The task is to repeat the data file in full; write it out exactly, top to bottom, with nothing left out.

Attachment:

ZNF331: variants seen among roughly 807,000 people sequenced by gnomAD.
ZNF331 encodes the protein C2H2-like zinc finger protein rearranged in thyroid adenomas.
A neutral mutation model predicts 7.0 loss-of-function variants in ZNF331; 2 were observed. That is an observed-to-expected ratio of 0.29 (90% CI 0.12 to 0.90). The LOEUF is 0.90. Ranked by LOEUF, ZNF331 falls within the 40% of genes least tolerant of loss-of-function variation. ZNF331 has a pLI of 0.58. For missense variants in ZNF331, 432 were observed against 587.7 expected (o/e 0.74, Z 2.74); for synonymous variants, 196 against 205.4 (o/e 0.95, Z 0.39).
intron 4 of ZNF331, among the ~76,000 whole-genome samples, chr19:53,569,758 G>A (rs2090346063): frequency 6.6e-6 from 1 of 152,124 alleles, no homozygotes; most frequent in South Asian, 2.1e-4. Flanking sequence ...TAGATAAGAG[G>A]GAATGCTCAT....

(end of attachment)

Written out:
ZNF331: variants seen among roughly 807,000 people sequenced by gnomAD.
ZNF331 encodes the protein C2H2-like zinc finger protein rearranged in thyroid adenomas.
A neutral mutation model predicts 7.0 loss-of-function variants in ZNF331; 2 were observed. That is an observed-to-expected ratio of 0.29 (90% CI 0.12 to 0.90). The LOEUF is 0.90. Ranked by LOEUF, ZNF331 falls within the 40% of genes least tolerant of loss-of-function variation. ZNF331 has a pLI of 0.58. For missense variants in ZNF331, 432 were observed against 587.7 expected (o/e 0.74, Z 2.74); for synonymous variants, 196 against 205.4 (o/e 0.95, Z 0.39).
intron 4 of ZNF331, among the ~76,000 whole-genome samples, chr19:53,569,758 G>A (rs2090346063): frequency 6.6e-6 from 1 of 152,124 alleles, no homozygotes; most frequent in South Asian, 2.1e-4. Flanking sequence ...TAGATAAGAG[G>A]GAATGCTCAT....